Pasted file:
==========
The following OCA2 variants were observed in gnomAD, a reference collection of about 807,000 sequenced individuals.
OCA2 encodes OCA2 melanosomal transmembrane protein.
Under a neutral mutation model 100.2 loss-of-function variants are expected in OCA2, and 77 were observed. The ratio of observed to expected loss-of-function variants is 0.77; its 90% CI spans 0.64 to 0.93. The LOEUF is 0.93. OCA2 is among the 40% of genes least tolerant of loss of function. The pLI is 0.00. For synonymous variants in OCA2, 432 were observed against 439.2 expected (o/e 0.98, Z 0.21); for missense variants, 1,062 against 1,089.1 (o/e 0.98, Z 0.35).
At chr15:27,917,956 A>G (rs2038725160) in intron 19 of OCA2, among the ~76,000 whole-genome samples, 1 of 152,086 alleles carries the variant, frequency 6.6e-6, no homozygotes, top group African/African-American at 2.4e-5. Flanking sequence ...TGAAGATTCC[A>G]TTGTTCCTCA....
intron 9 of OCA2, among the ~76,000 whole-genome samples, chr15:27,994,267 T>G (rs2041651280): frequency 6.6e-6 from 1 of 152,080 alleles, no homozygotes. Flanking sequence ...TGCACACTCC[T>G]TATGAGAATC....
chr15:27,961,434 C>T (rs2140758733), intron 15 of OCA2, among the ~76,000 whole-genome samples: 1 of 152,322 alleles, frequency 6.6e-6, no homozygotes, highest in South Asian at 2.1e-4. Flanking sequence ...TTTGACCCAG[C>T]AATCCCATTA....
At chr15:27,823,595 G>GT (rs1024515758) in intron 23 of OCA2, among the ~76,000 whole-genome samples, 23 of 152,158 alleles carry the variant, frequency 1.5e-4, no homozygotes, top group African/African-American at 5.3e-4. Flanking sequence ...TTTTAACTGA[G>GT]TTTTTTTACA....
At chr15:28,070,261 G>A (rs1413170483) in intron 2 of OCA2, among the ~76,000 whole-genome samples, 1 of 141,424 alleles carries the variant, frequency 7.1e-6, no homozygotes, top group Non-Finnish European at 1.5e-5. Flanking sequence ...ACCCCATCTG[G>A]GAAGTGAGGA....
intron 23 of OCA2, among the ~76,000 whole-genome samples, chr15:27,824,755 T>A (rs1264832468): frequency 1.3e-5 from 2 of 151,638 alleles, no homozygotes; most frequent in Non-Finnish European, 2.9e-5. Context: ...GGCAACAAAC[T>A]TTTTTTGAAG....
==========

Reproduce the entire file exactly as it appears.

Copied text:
The following OCA2 variants were observed in gnomAD, a reference collection of about 807,000 sequenced individuals.
OCA2 encodes OCA2 melanosomal transmembrane protein.
Under a neutral mutation model 100.2 loss-of-function variants are expected in OCA2, and 77 were observed. The ratio of observed to expected loss-of-function variants is 0.77; its 90% CI spans 0.64 to 0.93. The LOEUF is 0.93. OCA2 is among the 40% of genes least tolerant of loss of function. The pLI is 0.00. For synonymous variants in OCA2, 432 were observed against 439.2 expected (o/e 0.98, Z 0.21); for missense variants, 1,062 against 1,089.1 (o/e 0.98, Z 0.35).
At chr15:27,917,956 A>G (rs2038725160) in intron 19 of OCA2, among the ~76,000 whole-genome samples, 1 of 152,086 alleles carries the variant, frequency 6.6e-6, no homozygotes, top group African/African-American at 2.4e-5. Flanking sequence ...TGAAGATTCC[A>G]TTGTTCCTCA....
intron 9 of OCA2, among the ~76,000 whole-genome samples, chr15:27,994,267 T>G (rs2041651280): frequency 6.6e-6 from 1 of 152,080 alleles, no homozygotes. Flanking sequence ...TGCACACTCC[T>G]TATGAGAATC....
chr15:27,961,434 C>T (rs2140758733), intron 15 of OCA2, among the ~76,000 whole-genome samples: 1 of 152,322 alleles, frequency 6.6e-6, no homozygotes, highest in South Asian at 2.1e-4. Flanking sequence ...TTTGACCCAG[C>T]AATCCCATTA....
At chr15:27,823,595 G>GT (rs1024515758) in intron 23 of OCA2, among the ~76,000 whole-genome samples, 23 of 152,158 alleles carry the variant, frequency 1.5e-4, no homozygotes, top group African/African-American at 5.3e-4. Flanking sequence ...TTTTAACTGA[G>GT]TTTTTTTACA....
At chr15:28,070,261 G>A (rs1413170483) in intron 2 of OCA2, among the ~76,000 whole-genome samples, 1 of 141,424 alleles carries the variant, frequency 7.1e-6, no homozygotes, top group Non-Finnish European at 1.5e-5. Flanking sequence ...ACCCCATCTG[G>A]GAAGTGAGGA....
intron 23 of OCA2, among the ~76,000 whole-genome samples, chr15:27,824,755 T>A (rs1264832468): frequency 1.3e-5 from 2 of 151,638 alleles, no homozygotes; most frequent in Non-Finnish European, 2.9e-5. Context: ...GGCAACAAAC[T>A]TTTTTTGAAG....